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Inferring probability comparisons

Matthew Harrison-Trainor, Wesley H. Holliday and Thomas F. Icard

Mathematical Social Sciences, 2018, vol. 91, issue C, 62-70

Abstract: The problem of inferring probability comparisons between events from an initial set of comparisons arises in several contexts, ranging from decision theory to artificial intelligence to formal semantics. In this paper, we treat the problem as follows: beginning with a binary relation ≿ on events that does not preclude a probabilistic interpretation, in the sense that ≿ has extensions that are probabilistically representable, we characterize the extension ≿+ of ≿ that is exactly the intersection of all probabilistically representable extensions of ≿. This extension ≿+ gives us all the additional comparisons that we are entitled to infer from ≿, based on the assumption that there is some probability measure of which ≿ gives us partial qualitative information. We pay special attention to the problem of extending an order on states to an order on events. In addition to the probabilistic interpretation, this problem has a more general interpretation involving measurement of any additive quantity: e.g., given comparisons between the weights of individual objects, what comparisons between the weights of groups of objects can we infer?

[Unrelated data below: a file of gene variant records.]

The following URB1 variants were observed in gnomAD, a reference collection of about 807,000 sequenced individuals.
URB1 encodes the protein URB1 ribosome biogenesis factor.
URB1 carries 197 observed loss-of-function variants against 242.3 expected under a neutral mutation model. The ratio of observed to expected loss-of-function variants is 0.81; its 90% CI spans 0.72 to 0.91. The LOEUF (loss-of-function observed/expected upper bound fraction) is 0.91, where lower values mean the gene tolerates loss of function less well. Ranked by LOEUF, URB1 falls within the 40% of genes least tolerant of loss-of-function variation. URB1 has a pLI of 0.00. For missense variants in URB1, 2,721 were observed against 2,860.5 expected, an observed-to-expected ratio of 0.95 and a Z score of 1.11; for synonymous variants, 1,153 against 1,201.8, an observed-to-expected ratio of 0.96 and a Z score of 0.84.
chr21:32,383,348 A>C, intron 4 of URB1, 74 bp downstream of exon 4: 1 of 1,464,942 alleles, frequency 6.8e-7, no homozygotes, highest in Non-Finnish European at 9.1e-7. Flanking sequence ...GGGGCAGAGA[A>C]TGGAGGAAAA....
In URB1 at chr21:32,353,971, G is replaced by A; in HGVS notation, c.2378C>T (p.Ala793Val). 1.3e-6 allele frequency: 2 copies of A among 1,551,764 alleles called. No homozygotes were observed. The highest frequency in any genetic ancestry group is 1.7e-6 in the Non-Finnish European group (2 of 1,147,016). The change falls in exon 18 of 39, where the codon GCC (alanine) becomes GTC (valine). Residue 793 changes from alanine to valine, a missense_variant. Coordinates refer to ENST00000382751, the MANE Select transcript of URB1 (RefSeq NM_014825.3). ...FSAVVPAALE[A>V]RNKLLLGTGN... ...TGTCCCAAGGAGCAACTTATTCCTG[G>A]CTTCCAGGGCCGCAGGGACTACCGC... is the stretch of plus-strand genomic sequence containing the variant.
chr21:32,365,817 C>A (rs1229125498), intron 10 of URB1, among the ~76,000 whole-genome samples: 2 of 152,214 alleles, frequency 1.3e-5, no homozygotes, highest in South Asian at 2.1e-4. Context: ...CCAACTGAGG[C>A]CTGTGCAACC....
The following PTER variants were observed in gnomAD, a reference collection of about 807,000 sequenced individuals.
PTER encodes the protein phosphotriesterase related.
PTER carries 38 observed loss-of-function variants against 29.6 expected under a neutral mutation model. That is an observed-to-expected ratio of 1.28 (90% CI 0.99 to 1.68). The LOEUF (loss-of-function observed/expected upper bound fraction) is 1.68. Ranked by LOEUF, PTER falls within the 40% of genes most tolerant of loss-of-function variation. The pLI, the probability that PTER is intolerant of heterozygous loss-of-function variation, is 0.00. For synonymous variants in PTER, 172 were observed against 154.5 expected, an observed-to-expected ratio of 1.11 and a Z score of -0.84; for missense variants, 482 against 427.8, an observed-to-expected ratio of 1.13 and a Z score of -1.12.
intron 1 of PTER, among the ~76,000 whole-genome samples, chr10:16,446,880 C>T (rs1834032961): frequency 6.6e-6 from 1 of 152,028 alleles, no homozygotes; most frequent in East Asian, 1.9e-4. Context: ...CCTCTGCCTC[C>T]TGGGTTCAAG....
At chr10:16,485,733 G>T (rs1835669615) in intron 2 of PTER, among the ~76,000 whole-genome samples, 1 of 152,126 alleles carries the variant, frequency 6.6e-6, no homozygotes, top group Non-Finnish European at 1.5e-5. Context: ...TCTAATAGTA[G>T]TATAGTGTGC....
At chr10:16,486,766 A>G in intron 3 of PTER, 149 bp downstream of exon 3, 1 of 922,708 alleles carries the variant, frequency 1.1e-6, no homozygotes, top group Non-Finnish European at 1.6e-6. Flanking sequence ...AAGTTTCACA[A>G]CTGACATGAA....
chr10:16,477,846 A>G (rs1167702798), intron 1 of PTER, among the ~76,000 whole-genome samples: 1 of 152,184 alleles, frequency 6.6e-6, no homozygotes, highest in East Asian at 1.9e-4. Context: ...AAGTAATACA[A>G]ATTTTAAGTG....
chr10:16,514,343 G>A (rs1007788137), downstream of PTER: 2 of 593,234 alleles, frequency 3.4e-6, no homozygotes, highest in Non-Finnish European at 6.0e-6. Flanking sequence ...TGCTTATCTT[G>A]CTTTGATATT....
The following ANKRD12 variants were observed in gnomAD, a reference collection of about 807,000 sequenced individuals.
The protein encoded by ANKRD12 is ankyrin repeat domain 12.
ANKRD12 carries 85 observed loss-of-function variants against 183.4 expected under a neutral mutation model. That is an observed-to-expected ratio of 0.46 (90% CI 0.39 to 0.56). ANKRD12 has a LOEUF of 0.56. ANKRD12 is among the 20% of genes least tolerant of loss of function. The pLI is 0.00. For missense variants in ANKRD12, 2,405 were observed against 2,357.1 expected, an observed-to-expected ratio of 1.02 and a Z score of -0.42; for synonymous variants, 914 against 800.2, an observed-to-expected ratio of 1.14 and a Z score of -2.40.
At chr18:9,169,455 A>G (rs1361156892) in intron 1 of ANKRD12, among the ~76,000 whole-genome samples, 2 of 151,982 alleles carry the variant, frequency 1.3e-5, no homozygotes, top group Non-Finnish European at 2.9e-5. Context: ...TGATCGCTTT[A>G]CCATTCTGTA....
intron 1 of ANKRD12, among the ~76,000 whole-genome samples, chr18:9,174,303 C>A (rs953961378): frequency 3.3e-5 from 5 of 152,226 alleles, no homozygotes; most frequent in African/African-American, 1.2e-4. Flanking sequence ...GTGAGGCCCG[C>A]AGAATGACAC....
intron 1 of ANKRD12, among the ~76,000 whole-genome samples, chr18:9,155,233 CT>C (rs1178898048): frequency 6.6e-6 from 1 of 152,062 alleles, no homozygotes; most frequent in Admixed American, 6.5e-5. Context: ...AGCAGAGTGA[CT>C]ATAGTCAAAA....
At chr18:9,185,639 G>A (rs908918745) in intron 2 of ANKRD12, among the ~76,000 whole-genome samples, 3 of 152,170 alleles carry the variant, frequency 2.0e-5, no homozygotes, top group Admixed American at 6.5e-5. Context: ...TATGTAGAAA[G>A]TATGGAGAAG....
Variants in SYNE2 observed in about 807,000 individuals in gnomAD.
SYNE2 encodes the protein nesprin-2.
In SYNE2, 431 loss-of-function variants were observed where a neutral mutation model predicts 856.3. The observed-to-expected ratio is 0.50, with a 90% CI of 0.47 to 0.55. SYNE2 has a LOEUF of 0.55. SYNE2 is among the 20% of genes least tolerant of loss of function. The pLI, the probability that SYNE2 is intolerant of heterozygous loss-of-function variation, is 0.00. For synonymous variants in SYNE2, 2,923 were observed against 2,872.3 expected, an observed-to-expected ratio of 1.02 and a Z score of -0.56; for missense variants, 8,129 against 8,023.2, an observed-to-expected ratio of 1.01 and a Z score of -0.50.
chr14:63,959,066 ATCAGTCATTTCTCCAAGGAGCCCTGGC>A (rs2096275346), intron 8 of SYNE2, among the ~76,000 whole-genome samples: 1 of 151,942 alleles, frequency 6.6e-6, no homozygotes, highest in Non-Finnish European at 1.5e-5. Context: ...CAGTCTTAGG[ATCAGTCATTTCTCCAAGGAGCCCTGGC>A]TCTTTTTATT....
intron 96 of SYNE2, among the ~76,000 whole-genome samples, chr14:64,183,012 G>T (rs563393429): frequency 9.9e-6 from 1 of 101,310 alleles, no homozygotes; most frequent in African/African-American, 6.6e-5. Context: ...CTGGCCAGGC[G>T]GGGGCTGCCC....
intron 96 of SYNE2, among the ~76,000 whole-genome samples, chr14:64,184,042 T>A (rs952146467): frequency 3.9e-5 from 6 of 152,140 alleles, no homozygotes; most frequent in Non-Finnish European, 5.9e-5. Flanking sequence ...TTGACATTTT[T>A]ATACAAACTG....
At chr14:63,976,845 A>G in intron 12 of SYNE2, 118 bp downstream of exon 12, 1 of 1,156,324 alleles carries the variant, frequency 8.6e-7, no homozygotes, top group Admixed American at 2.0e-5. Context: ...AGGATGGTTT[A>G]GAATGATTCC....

Keywords: Qualitative probability; Comparative probability; Imprecise representability; Sets of probability measures; Additive measurement (search for similar items in EconPapers)
Date: 2018
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Handle: RePEc:eee:matsoc:v:91:y:2018:i:c:p:62-70